So if a historian is looking for the roots of Medieval revival architectural styles in pioneer Utah, it seems more reasonable to see that influence coming straight from Great Britain rather than slowing moving west from the American east. Besides, a slow movement from the American east wouldn’t explain the fairly early use of this style in pioneer Utah.

If you look at the Logan Temple you see another cultural paradox that is rooted in the diverse population of Pioneer Utah. The stone part of the building is British in style. The upper white towers look more like a New England meetinghouse. The paradox can be explained by the fact that many people from the U.K. populated early Utah. But some early pioneers, including the architect, had New England roots. There is an interesting piece of pioneer graffiti in the Church Museum that was salvaged from the Logan Temple. It states: “We are here together several nationalities with the best of feelings among all men.” Early Utah Mormons brought much of their native cultures with them when they gathered to Zion.

Now let’s look at nineteenth-century painters among the Mormons. First the chronology.

Givens seems to see a sort of stylistic progression that moves thematically from farmsteads to romantic landscapes. Indeed those themes exist. But the problem is that the dates of these works are all jumbled up. Sometimes Romantic landscape paintings preceded the farmsteads. Sometimes farmstead paintings were done after the death of some of those that painted the Romanic landscapes. So what gives? The names of the artists provide the clue. The farmsteads painters were virtually all Scandinavians. The Romantic landscapes were painted by British convert/emigrants.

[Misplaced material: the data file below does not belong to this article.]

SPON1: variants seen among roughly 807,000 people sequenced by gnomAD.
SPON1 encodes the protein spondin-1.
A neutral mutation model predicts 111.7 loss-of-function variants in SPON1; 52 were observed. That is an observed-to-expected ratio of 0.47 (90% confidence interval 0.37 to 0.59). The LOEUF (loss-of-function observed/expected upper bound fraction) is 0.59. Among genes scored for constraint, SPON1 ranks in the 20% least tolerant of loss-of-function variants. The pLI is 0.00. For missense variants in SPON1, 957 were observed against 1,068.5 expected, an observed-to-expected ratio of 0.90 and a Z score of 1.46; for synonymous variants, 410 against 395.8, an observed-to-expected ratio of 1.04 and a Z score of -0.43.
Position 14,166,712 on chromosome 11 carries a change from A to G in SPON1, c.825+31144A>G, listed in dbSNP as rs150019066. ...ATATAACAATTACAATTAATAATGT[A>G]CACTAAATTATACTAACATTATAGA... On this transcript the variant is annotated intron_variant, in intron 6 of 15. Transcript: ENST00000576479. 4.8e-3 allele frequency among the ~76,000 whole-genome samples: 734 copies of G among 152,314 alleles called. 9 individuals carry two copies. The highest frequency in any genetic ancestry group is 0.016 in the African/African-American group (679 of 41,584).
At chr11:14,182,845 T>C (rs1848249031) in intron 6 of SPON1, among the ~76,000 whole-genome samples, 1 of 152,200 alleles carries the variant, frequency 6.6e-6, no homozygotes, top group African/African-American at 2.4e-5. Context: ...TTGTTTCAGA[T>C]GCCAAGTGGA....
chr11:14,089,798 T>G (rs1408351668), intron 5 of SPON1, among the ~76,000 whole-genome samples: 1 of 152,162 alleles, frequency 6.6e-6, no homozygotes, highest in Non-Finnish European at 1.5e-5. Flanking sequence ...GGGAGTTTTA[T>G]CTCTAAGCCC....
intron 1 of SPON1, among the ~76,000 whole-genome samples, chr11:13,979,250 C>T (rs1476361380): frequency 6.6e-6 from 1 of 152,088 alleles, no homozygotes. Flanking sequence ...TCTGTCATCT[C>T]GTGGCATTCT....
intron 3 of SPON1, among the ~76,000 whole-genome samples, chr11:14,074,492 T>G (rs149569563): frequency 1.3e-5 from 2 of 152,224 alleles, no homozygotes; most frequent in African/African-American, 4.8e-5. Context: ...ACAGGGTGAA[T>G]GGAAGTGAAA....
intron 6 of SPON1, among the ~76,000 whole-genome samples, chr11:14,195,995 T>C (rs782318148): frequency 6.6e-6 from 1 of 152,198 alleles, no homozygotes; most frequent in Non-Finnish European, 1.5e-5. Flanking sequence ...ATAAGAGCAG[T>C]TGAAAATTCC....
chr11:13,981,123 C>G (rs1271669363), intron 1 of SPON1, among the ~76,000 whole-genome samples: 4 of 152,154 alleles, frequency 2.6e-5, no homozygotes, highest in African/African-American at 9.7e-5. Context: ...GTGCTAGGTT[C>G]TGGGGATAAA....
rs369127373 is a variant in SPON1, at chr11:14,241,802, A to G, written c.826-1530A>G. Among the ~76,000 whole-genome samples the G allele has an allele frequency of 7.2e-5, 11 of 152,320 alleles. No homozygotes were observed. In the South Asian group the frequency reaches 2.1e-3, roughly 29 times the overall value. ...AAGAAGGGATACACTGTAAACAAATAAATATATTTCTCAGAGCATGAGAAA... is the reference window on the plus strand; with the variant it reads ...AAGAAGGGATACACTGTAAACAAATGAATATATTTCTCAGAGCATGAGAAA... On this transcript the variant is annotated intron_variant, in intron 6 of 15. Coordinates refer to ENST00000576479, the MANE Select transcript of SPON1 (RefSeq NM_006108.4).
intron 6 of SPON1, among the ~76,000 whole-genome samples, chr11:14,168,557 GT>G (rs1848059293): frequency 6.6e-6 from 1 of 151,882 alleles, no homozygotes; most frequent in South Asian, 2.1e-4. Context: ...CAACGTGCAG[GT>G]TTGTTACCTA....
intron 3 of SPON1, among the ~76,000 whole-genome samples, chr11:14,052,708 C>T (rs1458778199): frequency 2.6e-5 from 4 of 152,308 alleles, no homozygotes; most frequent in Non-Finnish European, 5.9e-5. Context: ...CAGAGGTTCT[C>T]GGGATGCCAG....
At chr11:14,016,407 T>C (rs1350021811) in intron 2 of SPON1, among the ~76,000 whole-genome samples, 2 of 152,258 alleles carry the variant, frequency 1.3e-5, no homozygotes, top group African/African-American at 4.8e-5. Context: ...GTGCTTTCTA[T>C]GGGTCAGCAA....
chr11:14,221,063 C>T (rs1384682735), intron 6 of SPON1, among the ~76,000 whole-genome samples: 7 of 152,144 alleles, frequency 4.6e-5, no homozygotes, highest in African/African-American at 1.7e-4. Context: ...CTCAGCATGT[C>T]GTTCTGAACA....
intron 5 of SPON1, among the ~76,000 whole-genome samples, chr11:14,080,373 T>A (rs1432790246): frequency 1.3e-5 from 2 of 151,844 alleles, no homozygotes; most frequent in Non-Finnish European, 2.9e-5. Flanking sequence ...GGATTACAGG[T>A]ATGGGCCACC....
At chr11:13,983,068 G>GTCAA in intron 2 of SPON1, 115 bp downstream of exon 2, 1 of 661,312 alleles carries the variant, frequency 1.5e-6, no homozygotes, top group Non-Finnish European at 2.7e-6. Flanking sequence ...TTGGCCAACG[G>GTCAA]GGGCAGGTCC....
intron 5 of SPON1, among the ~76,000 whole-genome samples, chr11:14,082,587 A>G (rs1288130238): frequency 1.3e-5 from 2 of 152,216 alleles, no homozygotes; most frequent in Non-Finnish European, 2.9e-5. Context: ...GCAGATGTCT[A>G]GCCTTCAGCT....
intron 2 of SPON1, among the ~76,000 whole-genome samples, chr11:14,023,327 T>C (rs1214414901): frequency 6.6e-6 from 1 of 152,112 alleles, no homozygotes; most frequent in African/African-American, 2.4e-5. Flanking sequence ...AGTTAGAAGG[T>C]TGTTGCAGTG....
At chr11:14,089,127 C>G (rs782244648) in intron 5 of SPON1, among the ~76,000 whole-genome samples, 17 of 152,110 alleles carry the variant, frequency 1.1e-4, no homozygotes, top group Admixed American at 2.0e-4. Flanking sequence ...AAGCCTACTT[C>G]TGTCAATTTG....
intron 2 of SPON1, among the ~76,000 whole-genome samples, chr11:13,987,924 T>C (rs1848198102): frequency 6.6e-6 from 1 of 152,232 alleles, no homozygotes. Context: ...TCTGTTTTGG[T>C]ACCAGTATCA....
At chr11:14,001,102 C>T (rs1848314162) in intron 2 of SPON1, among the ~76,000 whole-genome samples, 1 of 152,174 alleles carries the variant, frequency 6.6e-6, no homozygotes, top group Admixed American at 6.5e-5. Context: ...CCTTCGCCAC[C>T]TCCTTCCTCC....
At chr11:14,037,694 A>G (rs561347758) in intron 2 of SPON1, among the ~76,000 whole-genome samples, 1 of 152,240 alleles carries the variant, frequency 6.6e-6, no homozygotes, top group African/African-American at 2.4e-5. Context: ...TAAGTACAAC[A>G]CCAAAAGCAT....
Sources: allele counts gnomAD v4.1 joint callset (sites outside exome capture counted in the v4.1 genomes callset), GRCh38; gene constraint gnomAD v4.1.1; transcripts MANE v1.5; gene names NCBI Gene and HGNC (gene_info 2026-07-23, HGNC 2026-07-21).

What were these two groups of artists trying to do? Romanticism in the British visual arts had two main foci, the Middle Ages and an exaggerated nature. For British Mormons, nature had an additional appeal. It stood for the purity of Zion. Mountains and wilderness also had scriptural parallels as places where one went to get away from “Babylon” to be spiritually purified and commune with the Lord. Scripturally, the temple was referred to as “the mountain of the Lord’s house.” Mountains were also physical and symbolic walls that held “Babylon” at bay. If you look at poetry of 19th century L.D.S. hymns that celebrate Zion’s mountains (for example, “O Ye Mountains High”) most were written by British convert/emigrants.

Givens accurately sees Alfred Lambourne’s exaggerated and dramatic Salt Lake Temple paintings of Hill Cumorah and Adam-ondi-Ahman as pure Romanticism delivering a spiritual message. He attributes this Romantic interpretation to Lambourne traveling back East to see early Mormon historical sites. What he missed was that virtually all of the paintings ever created by British-born Lambourne were Romantic landscapes. For the LDS British artists, the Millennium seems to have been the conceptual return to a highly Romanized Garden of Eden.